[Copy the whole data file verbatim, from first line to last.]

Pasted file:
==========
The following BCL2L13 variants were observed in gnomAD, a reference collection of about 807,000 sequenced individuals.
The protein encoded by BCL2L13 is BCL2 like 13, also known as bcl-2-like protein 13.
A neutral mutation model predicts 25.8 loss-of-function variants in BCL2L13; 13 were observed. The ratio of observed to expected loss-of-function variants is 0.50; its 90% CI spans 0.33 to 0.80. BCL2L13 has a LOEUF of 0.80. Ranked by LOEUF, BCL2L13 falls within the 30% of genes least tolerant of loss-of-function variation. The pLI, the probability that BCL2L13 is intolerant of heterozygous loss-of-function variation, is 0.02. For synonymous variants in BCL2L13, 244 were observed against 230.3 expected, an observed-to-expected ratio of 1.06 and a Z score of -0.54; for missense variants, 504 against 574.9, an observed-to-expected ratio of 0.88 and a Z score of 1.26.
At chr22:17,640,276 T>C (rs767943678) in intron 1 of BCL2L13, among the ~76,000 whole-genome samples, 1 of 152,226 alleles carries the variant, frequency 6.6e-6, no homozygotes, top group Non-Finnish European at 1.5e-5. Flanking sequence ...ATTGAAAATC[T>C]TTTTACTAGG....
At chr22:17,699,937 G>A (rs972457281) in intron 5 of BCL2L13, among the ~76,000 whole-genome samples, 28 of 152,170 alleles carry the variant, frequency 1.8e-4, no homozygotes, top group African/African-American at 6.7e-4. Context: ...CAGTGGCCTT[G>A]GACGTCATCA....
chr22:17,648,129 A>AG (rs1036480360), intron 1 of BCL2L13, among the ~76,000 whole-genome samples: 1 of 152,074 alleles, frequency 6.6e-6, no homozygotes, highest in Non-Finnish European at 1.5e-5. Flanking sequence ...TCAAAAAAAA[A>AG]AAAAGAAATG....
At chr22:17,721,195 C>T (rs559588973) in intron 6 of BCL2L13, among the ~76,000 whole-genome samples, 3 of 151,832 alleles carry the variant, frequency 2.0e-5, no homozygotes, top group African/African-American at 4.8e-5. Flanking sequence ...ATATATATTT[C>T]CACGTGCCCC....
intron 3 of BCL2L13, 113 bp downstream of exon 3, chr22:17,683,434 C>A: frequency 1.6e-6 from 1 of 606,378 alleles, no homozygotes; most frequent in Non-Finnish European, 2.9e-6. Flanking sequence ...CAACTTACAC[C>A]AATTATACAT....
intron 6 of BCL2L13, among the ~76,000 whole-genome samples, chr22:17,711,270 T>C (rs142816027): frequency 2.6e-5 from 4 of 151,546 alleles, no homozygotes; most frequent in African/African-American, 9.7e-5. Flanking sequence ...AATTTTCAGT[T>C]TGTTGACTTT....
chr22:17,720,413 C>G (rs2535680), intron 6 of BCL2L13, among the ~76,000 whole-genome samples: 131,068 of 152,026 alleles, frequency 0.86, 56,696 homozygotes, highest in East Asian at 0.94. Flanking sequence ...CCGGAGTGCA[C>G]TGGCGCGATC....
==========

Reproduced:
The following BCL2L13 variants were observed in gnomAD, a reference collection of about 807,000 sequenced individuals.
The protein encoded by BCL2L13 is BCL2 like 13, also known as bcl-2-like protein 13.
A neutral mutation model predicts 25.8 loss-of-function variants in BCL2L13; 13 were observed. The ratio of observed to expected loss-of-function variants is 0.50; its 90% CI spans 0.33 to 0.80. BCL2L13 has a LOEUF of 0.80. Ranked by LOEUF, BCL2L13 falls within the 30% of genes least tolerant of loss-of-function variation. The pLI, the probability that BCL2L13 is intolerant of heterozygous loss-of-function variation, is 0.02. For synonymous variants in BCL2L13, 244 were observed against 230.3 expected, an observed-to-expected ratio of 1.06 and a Z score of -0.54; for missense variants, 504 against 574.9, an observed-to-expected ratio of 0.88 and a Z score of 1.26.
At chr22:17,640,276 T>C (rs767943678) in intron 1 of BCL2L13, among the ~76,000 whole-genome samples, 1 of 152,226 alleles carries the variant, frequency 6.6e-6, no homozygotes, top group Non-Finnish European at 1.5e-5. Flanking sequence ...ATTGAAAATC[T>C]TTTTACTAGG....
At chr22:17,699,937 G>A (rs972457281) in intron 5 of BCL2L13, among the ~76,000 whole-genome samples, 28 of 152,170 alleles carry the variant, frequency 1.8e-4, no homozygotes, top group African/African-American at 6.7e-4. Context: ...CAGTGGCCTT[G>A]GACGTCATCA....
chr22:17,648,129 A>AG (rs1036480360), intron 1 of BCL2L13, among the ~76,000 whole-genome samples: 1 of 152,074 alleles, frequency 6.6e-6, no homozygotes, highest in Non-Finnish European at 1.5e-5. Flanking sequence ...TCAAAAAAAA[A>AG]AAAAGAAATG....
At chr22:17,721,195 C>T (rs559588973) in intron 6 of BCL2L13, among the ~76,000 whole-genome samples, 3 of 151,832 alleles carry the variant, frequency 2.0e-5, no homozygotes, top group African/African-American at 4.8e-5. Flanking sequence ...ATATATATTT[C>T]CACGTGCCCC....
intron 3 of BCL2L13, 113 bp downstream of exon 3, chr22:17,683,434 C>A: frequency 1.6e-6 from 1 of 606,378 alleles, no homozygotes; most frequent in Non-Finnish European, 2.9e-6. Flanking sequence ...CAACTTACAC[C>A]AATTATACAT....
intron 6 of BCL2L13, among the ~76,000 whole-genome samples, chr22:17,711,270 T>C (rs142816027): frequency 2.6e-5 from 4 of 151,546 alleles, no homozygotes; most frequent in African/African-American, 9.7e-5. Flanking sequence ...AATTTTCAGT[T>C]TGTTGACTTT....
chr22:17,720,413 C>G (rs2535680), intron 6 of BCL2L13, among the ~76,000 whole-genome samples: 131,068 of 152,026 alleles, frequency 0.86, 56,696 homozygotes, highest in East Asian at 0.94. Flanking sequence ...CCGGAGTGCA[C>G]TGGCGCGATC....